May 2018 Minority Voices Podcast: An interview with Daniel Kobei, of Kenya’s Ogiek Peoples’ Development Programme
In May 2017, the Ogiek indigenous community of Kenya successfully challenged the denial of their land rights before the African Court of Human and Peoples Rights. Following an eight-year legal battle, the Court found that the Kenyan government violated seven separate articles of the African Charter, in a case that dates back to colonial times. This landmark ruling recognised that the Ogiek – and therefore many other indigenous peoples in Africa – have a leading role to play as guardians of local ecosystems, and in conserving and protecting land and natural resources.
For decades, Ogiek have been routinely subjected to forced evictions by the government from their ancestral homes in the forest. This has had a detrimental impact on their traditional lifestyle, religious and cultural life, access to resources, and their very existence as an indigenous people. Ogiek have a spiritual, emotional and economic attachment to the forest. They rely on it for food, shelter and identity.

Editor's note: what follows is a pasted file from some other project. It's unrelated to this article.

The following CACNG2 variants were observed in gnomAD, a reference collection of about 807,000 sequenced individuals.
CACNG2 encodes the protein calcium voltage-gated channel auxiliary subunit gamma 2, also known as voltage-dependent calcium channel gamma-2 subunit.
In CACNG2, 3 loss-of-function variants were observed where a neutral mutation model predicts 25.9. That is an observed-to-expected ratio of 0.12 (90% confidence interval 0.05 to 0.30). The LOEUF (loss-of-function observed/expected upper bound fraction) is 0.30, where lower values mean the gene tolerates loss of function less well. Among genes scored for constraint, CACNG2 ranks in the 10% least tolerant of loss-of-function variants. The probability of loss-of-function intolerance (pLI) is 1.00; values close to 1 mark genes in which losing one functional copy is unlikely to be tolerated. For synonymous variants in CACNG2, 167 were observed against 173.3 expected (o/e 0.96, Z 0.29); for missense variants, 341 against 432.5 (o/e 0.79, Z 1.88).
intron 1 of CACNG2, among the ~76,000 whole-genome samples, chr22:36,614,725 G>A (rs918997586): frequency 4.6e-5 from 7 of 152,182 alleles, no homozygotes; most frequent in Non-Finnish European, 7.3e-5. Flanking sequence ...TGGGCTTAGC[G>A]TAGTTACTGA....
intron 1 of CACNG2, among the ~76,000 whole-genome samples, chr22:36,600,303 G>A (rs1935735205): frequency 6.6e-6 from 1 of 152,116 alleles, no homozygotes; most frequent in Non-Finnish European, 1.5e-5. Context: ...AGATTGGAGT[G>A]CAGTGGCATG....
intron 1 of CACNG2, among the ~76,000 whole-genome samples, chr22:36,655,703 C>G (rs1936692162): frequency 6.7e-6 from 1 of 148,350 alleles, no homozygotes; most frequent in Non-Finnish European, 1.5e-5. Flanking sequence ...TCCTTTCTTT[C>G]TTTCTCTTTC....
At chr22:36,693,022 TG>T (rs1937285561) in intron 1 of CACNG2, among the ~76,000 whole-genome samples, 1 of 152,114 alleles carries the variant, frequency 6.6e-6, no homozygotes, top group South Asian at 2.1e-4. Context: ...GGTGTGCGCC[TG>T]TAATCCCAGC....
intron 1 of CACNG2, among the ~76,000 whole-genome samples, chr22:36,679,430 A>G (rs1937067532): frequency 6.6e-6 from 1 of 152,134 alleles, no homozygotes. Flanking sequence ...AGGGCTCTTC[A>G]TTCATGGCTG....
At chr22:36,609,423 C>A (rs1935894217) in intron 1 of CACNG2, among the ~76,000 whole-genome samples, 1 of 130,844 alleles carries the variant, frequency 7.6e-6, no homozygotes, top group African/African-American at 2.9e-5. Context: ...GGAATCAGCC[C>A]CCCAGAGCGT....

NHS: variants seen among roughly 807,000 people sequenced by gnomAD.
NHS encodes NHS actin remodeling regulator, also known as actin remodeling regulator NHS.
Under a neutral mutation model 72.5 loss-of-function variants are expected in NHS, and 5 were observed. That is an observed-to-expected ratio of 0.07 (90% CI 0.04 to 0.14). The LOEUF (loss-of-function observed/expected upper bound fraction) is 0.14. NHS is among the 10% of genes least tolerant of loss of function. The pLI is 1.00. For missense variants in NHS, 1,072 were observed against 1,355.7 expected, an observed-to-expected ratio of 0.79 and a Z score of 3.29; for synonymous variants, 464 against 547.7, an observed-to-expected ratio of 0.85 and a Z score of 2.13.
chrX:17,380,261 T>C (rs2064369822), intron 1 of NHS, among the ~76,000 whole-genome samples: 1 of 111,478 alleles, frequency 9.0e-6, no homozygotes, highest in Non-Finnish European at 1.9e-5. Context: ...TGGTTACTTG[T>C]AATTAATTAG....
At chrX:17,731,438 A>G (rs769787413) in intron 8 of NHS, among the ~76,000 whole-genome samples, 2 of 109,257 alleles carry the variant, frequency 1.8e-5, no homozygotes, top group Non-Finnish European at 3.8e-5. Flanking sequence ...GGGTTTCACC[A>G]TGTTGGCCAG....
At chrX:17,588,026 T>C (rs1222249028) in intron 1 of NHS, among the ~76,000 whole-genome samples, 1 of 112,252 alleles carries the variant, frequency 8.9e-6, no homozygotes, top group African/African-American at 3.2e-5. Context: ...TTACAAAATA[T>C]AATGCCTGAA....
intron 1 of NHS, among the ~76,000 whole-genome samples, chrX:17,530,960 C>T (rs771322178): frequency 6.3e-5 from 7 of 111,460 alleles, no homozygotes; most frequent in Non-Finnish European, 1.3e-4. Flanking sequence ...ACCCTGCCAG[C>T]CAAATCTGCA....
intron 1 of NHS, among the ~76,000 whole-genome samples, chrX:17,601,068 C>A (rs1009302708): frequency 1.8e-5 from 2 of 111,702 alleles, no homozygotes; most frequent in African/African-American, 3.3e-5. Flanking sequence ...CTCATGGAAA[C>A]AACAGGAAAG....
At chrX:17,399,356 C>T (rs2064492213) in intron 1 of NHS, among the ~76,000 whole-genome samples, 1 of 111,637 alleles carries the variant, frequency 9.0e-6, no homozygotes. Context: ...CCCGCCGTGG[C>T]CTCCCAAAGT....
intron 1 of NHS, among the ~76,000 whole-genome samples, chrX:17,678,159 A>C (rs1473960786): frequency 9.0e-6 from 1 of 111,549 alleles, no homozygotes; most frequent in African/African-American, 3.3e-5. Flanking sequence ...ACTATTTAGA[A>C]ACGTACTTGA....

MRG became involved in the case in April 2010 and, after extensive fact finding missions and community consultations, our Legal Director argued the case before the Court in Arusha, Tanzania last May. Over 50 members of the Ogiek community travelled from Nakuru in Kenya to hear the Court’s judgment. It was the first time the African Court, in operation since 2006, had ruled on an indigenous peoples’ rights case, and was by far the largest it had ever heard.
Daniel Kobei, of the Ogiek Peoples’ Development Programme, whose tenacity and voracious desire for justice was central to winning the case, was in London recently for the Commonwealth Heads of Government Meeting. MRG caught up with him to find out what’s been happening since the emotional events in the Court last year.
Listen to the podcast below.